APEC ministers unveil new plan for sustainable, inclusive growth
CEBU CITY, Philippines – Asia-Pacific Economic Cooperation (APEC) ministers have unveiled a new plan that sharpens the region’s focus on reforms to achieve inclusive growth, with an emphasis on supporting services and innovation.
The APEC officials bared the plan at the conclusion of the 2nd Structural Reform Ministerial Meeting (SRMM) in this city on Tuesday, September 8.
In his remarks at the conclusion of the meeting, Socioeconomic Planning Secretary and SRMM chair Arsenio Balisacan said the APEC ministers "note the uncertainty that continues to cloud the global economic scene."
"Although there are signs of recovery, the residual effects of the global financial crisis are still evident in many economies, even as new forms of trade and investment protectionism are on the rise. For this reason, we agreed in our meeting that we need a much stronger focus on promoting economic growth through structural reform," Balisacan said.
Renewed APEC Agenda for structural reform
To advance the work in the next 5 years until 2020, the APEC ministers agreed to endorse a work program embodied in the Renewed APEC Agenda for Structural Reform or RAASR.
This work program revolves around 5 themes and strives to stimulate balanced and sustainable growth and reduce inequality.
1. New directions for structural reform in APEC. The ministers agreed on RAASR’s 3 pillars that will serve as guide for concrete reform actions by economies:
- More open, well functioning, transparent, and competitive markets
- Deeper participation in markets by all segments of society, especially micro, small, and medium enterprises (MSMEs); women; youth; the elderly, and persons with disabilities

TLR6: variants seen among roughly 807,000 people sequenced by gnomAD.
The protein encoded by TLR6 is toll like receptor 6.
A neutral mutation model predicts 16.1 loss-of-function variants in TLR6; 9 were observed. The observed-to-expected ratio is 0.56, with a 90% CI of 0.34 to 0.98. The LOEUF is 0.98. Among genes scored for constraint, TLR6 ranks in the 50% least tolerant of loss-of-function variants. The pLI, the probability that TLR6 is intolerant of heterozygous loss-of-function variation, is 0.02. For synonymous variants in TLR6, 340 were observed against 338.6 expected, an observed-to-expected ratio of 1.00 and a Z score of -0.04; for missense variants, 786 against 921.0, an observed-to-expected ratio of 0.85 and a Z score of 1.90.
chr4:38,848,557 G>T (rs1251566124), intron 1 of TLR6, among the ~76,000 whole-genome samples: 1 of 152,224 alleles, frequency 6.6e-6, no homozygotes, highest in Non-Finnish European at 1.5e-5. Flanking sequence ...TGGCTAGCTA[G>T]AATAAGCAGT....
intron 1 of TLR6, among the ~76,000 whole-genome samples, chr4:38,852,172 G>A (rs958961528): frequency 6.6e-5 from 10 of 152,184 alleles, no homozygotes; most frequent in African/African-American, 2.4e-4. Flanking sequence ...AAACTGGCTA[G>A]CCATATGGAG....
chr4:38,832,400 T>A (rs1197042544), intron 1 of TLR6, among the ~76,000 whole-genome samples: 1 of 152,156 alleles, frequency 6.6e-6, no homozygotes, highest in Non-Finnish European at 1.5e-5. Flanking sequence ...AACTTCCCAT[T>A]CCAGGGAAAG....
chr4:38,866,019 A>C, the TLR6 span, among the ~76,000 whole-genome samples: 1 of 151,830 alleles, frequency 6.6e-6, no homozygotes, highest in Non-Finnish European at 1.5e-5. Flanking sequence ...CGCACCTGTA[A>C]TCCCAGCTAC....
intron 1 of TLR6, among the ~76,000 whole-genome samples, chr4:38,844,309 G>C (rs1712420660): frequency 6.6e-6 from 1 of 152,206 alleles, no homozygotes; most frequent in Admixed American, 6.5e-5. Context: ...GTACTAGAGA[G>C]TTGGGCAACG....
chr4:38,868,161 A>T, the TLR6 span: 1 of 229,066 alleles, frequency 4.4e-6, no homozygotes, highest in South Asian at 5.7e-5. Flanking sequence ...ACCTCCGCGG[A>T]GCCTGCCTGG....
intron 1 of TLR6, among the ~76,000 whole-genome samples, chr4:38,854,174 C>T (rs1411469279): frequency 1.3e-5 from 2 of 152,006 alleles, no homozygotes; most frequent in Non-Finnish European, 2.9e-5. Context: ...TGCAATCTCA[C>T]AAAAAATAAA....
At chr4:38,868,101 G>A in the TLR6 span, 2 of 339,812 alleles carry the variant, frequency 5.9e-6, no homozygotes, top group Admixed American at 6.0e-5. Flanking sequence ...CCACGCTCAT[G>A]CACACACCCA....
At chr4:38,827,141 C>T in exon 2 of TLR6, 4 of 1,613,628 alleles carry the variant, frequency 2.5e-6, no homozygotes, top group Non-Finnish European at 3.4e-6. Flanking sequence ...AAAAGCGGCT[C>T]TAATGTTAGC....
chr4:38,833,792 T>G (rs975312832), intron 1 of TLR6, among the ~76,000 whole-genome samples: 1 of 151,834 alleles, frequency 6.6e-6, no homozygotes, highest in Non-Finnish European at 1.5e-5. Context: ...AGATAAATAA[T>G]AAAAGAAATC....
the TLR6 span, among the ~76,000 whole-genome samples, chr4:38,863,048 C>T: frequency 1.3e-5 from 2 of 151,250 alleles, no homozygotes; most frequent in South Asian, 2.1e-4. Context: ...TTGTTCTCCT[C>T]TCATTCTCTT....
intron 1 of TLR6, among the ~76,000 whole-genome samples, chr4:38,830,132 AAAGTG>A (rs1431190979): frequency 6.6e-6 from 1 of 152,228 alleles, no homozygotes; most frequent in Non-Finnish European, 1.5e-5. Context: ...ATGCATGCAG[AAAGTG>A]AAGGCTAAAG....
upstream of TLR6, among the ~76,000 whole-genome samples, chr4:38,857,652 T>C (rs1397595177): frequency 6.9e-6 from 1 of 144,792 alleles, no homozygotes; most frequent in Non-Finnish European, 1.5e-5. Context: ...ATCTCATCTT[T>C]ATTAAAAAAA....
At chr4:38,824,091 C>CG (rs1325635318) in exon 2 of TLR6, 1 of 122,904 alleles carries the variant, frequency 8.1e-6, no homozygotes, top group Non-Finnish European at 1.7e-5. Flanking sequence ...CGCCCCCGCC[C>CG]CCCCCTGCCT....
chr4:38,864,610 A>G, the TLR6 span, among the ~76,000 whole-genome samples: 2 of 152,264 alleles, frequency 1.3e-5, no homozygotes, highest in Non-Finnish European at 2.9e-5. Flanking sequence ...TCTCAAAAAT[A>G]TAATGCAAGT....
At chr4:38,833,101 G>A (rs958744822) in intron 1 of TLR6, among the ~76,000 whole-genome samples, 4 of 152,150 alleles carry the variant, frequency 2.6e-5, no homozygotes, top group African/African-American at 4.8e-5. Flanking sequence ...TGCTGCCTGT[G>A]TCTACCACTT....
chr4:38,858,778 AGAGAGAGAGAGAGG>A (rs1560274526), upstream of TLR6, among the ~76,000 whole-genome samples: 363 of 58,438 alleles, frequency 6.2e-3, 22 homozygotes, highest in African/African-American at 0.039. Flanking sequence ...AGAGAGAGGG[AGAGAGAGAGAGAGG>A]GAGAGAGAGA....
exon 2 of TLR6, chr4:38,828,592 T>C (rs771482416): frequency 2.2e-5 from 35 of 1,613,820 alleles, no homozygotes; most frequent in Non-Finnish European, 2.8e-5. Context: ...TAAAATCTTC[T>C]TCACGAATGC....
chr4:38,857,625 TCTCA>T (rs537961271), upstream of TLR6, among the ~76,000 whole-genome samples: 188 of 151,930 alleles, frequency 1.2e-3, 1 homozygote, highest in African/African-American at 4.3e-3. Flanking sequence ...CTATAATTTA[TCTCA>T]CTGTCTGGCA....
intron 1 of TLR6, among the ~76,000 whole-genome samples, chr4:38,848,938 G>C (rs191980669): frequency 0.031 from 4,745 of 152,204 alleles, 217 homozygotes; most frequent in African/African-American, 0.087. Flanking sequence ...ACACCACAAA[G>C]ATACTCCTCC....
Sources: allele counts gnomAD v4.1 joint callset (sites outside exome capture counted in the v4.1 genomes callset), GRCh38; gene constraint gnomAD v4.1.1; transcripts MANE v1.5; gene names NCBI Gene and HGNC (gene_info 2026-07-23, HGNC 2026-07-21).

- Sustainable social policies that promote these objectives and enhance economic resiliency
2. Structural reform and inclusive growth. The ministers have instructed the APEC economic committee to develop a policy framework on how structural reform, including those initiated by other APEC committees and working groups, can contribute to inclusive growth. This will be accompanied by a set of indicators for evaluating inclusiveness of structural reform policies.
3. Structural reform and innovation: The APEC Economic Policy Report (AEPR) on Structural Reform and Innovation will be recommended for adoption at the main APEC Ministers’ Meeting in November 2015. Its impact will be considered for policies that are needed to address the middle-income trap, and slowing growth potential in other economies.
4. Structural reform and services: Reforming policies relating to the services sector has been elevated as one of APEC’s main priorities. The economic committee will support the initiatives of the APEC Services Cooperation Framework (ASCF).
5. Tools for structural reform: The ministers agreed to further advance work on good regulatory practices and model legal instruments to improve competition outcomes within APEC economies.
The ministers also agreed to quantitative indicators to measure APEC-wide progress in a report with a mid-term review of RAASR in 2018, and a final review in 2020.
The RAASR (2016-2020) will be finalized for consideration at the APEC Leaders' Meeting in November.
The ministers also endorsed the APEC Ease of Doing Business Action Plan 2016-2018 to APEC Economic Leaders, along with the new aspirational goal of a 10% improvement by 2018.
The SRMM meeting also played a pivotal role in the formulation of the new Asia-Pacific Services Coalition which the ministers agreed to fully support. (READ: APEC members create coalition to join 'services revolution')
“Structural reform is not a one-off process. It is an undertaking that requires some period of time to be able to see, yield results. In this respect, inter-agency coordination and a clear set of policies guided by an overarching vision is very important,” said National Economic and Development Authority Deputy Director Manuel Esguerra.
APEC Secretariat Executive Director Alan Bollard shared that progress has been made in structural reform since it first became an APEC initiative in 2008, but the need for it is still pressing, particularly to achieve inclusive growth.
Bollard shared that experts at the meeting warned that the potential economic cost to APEC economies of not adopting structural reforms is double that of adopting them, because of losses due to trade and tariff barriers.
“There's a recognition by APEC economic ministers that achieving inclusive growth for every economy is a moving target – you always have to keep on working on these things,” he said. – Rappler.com